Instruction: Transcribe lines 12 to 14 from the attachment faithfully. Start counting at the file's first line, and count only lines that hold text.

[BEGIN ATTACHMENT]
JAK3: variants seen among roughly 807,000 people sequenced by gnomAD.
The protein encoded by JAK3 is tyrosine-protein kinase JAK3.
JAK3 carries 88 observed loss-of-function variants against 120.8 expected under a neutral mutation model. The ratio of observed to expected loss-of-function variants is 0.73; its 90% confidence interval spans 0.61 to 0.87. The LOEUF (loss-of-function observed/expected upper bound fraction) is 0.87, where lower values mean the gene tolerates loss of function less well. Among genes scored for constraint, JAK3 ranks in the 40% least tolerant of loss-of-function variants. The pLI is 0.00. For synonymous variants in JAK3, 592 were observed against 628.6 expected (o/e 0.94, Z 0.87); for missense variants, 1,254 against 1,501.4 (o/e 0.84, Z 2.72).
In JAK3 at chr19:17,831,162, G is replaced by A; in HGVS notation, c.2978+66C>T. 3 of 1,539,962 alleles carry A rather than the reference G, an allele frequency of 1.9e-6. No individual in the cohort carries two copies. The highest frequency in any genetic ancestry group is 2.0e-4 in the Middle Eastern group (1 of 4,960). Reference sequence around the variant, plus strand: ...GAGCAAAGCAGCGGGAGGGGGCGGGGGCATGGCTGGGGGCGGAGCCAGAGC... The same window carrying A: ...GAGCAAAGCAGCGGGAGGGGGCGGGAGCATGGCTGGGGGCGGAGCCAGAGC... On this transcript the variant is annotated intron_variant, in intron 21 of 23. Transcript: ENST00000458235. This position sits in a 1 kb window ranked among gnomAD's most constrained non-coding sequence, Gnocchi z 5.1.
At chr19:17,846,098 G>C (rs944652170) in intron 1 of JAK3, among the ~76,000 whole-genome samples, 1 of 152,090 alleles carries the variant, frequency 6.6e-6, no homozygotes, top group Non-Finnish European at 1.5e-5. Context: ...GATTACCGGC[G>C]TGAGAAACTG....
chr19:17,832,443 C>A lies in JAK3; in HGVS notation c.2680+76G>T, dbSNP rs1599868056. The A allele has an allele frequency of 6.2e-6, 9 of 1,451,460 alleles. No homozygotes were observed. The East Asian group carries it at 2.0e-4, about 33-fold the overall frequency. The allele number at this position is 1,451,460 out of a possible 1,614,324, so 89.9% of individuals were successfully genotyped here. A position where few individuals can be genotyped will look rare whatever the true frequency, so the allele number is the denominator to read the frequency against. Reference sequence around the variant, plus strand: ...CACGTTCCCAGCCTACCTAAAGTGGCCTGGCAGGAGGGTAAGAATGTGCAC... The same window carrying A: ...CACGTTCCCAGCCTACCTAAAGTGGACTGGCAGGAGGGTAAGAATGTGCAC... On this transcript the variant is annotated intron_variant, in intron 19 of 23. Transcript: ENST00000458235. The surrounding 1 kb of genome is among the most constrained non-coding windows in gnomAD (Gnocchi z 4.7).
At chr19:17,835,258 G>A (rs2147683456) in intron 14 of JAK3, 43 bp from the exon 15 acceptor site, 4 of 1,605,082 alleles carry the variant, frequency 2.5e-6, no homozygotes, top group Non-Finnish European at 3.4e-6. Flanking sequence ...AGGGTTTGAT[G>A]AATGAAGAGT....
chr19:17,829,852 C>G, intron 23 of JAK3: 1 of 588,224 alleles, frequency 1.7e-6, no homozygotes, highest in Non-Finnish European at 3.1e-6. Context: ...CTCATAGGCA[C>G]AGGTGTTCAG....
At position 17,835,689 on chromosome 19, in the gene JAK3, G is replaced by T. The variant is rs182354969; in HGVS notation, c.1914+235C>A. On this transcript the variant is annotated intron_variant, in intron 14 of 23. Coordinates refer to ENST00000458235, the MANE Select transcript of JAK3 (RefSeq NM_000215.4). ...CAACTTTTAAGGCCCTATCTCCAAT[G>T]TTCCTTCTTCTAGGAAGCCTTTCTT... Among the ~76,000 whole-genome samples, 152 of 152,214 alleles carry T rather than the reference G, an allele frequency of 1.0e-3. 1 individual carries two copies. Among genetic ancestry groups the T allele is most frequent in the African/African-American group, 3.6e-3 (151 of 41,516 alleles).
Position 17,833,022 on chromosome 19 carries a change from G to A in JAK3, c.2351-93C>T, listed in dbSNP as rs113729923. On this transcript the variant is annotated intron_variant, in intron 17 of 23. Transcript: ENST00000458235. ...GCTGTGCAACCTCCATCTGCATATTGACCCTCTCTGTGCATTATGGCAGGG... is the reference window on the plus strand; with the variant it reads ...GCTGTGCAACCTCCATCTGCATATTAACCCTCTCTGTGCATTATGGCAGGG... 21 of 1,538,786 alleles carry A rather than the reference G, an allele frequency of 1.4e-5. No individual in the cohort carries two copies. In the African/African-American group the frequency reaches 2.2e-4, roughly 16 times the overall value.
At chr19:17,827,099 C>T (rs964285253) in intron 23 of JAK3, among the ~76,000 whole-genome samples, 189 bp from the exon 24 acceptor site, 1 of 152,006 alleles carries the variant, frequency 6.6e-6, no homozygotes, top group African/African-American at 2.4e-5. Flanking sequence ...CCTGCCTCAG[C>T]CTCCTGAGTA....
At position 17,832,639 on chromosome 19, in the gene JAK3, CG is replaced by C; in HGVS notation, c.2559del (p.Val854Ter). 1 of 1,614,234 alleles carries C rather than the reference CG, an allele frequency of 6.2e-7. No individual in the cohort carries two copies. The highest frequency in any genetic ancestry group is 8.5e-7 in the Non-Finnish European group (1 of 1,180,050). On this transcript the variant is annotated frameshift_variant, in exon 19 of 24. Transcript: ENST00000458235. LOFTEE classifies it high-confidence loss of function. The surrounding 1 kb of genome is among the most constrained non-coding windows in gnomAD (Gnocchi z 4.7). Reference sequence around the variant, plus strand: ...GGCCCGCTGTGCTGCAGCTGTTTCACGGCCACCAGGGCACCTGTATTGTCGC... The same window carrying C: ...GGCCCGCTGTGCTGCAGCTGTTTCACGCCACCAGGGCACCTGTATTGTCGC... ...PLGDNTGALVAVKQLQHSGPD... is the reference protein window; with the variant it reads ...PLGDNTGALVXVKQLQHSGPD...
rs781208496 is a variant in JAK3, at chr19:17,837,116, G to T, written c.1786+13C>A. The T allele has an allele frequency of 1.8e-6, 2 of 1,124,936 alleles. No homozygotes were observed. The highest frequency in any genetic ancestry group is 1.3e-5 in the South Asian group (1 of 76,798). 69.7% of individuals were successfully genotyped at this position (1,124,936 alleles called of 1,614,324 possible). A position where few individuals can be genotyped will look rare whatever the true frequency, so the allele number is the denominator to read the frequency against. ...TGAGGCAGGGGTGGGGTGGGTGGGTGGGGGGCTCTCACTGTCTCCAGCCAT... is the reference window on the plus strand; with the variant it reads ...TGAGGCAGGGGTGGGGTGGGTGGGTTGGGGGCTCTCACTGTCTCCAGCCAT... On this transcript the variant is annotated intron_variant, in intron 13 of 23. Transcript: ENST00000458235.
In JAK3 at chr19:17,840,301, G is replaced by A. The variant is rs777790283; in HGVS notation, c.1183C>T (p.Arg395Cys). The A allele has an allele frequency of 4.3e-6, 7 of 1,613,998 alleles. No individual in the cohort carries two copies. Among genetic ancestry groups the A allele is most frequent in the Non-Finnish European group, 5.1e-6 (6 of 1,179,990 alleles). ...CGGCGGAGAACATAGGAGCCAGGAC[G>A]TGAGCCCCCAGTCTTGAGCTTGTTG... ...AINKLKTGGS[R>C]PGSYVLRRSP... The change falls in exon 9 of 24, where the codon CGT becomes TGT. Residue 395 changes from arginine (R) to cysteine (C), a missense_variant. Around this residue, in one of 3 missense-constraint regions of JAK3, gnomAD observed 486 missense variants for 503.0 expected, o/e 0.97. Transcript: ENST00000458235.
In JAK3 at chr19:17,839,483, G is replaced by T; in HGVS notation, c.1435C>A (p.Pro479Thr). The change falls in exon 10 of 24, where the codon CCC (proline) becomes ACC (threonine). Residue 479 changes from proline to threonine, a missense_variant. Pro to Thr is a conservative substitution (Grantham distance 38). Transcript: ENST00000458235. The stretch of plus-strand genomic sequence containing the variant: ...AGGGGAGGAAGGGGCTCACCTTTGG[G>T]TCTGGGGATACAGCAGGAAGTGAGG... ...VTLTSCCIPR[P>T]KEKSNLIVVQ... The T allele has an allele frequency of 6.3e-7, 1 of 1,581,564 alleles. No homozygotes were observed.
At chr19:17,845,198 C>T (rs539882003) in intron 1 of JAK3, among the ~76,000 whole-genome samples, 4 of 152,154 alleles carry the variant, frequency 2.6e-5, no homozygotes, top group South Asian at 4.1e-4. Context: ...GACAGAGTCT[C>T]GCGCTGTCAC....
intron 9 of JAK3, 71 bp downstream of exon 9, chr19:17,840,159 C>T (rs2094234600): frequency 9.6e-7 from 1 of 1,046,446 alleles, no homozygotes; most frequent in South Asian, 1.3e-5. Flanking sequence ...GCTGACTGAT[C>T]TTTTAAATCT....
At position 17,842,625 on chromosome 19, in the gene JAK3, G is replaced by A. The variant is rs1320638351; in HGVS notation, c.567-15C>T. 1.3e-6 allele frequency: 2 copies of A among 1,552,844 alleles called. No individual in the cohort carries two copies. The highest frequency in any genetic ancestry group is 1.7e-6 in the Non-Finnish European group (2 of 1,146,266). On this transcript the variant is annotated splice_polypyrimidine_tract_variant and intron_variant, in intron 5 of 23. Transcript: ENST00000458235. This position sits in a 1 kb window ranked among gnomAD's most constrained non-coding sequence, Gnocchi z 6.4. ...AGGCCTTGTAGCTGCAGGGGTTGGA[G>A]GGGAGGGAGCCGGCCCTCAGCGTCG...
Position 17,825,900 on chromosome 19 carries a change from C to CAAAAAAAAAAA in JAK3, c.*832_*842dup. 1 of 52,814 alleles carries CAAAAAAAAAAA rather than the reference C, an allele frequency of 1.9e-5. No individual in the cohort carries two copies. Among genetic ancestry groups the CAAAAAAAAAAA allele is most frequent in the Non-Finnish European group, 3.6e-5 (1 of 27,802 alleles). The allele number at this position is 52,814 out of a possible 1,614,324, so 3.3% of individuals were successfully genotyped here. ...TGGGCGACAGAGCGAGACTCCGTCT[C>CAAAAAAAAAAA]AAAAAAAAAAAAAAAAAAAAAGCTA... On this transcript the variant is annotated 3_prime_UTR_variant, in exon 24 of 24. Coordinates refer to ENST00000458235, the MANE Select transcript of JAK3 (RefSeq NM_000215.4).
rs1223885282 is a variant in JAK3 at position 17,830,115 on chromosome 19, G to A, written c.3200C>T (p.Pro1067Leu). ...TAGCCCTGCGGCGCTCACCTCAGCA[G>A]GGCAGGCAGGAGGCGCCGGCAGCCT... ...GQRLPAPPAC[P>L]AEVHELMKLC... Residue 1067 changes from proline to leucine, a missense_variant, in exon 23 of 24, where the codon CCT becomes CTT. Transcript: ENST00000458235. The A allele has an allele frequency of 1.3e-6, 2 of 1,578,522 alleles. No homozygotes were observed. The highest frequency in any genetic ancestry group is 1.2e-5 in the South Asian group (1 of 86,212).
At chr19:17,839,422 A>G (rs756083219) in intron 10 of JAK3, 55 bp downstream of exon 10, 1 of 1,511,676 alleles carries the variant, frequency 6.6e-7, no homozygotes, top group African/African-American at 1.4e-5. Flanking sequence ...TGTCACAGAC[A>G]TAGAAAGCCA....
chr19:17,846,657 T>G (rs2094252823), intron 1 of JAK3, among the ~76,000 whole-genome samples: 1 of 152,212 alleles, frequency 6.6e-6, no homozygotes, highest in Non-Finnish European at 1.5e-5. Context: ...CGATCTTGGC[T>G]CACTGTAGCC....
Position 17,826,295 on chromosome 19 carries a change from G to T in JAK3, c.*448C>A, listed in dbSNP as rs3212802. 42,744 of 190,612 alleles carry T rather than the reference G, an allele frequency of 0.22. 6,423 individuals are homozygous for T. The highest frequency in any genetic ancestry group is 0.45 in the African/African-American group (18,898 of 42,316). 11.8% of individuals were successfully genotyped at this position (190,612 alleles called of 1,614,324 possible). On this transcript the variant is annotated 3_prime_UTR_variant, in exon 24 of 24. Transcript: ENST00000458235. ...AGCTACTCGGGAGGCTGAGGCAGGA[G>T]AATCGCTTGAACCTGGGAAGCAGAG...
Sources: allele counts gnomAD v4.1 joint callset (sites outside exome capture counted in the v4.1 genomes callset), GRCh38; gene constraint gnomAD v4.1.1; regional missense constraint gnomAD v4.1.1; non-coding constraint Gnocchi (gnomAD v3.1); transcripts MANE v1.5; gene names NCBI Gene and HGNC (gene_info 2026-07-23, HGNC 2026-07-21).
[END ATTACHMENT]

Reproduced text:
At position 17,832,639 on chromosome 19, in the gene JAK3, CG is replaced by C; in HGVS notation, c.2559del (p.Val854Ter). 1 of 1,614,234 alleles carries C rather than the reference CG, an allele frequency of 6.2e-7. No individual in the cohort carries two copies. The highest frequency in any genetic ancestry group is 8.5e-7 in the Non-Finnish European group (1 of 1,180,050). On this transcript the variant is annotated frameshift_variant, in exon 19 of 24. Transcript: ENST00000458235. LOFTEE classifies it high-confidence loss of function. The surrounding 1 kb of genome is among the most constrained non-coding windows in gnomAD (Gnocchi z 4.7). Reference sequence around the variant, plus strand: ...GGCCCGCTGTGCTGCAGCTGTTTCACGGCCACCAGGGCACCTGTATTGTCGC... The same window carrying C: ...GGCCCGCTGTGCTGCAGCTGTTTCACGCCACCAGGGCACCTGTATTGTCGC... ...PLGDNTGALVAVKQLQHSGPD... is the reference protein window; with the variant it reads ...PLGDNTGALVXVKQLQHSGPD...
rs781208496 is a variant in JAK3, at chr19:17,837,116, G to T, written c.1786+13C>A. The T allele has an allele frequency of 1.8e-6, 2 of 1,124,936 alleles. No homozygotes were observed. The highest frequency in any genetic ancestry group is 1.3e-5 in the South Asian group (1 of 76,798). 69.7% of individuals were successfully genotyped at this position (1,124,936 alleles called of 1,614,324 possible). A position where few individuals can be genotyped will look rare whatever the true frequency, so the allele number is the denominator to read the frequency against. ...TGAGGCAGGGGTGGGGTGGGTGGGTGGGGGGCTCTCACTGTCTCCAGCCAT... is the reference window on the plus strand; with the variant it reads ...TGAGGCAGGGGTGGGGTGGGTGGGTTGGGGGCTCTCACTGTCTCCAGCCAT... On this transcript the variant is annotated intron_variant, in intron 13 of 23. Transcript: ENST00000458235.
In JAK3 at chr19:17,840,301, G is replaced by A. The variant is rs777790283; in HGVS notation, c.1183C>T (p.Arg395Cys). The A allele has an allele frequency of 4.3e-6, 7 of 1,613,998 alleles. No individual in the cohort carries two copies. Among genetic ancestry groups the A allele is most frequent in the Non-Finnish European group, 5.1e-6 (6 of 1,179,990 alleles). ...CGGCGGAGAACATAGGAGCCAGGAC[G>A]TGAGCCCCCAGTCTTGAGCTTGTTG... ...AINKLKTGGS[R>C]PGSYVLRRSP... The change falls in exon 9 of 24, where the codon CGT becomes TGT. Residue 395 changes from arginine (R) to cysteine (C), a missense_variant. Around this residue, in one of 3 missense-constraint regions of JAK3, gnomAD observed 486 missense variants for 503.0 expected, o/e 0.97. Transcript: ENST00000458235.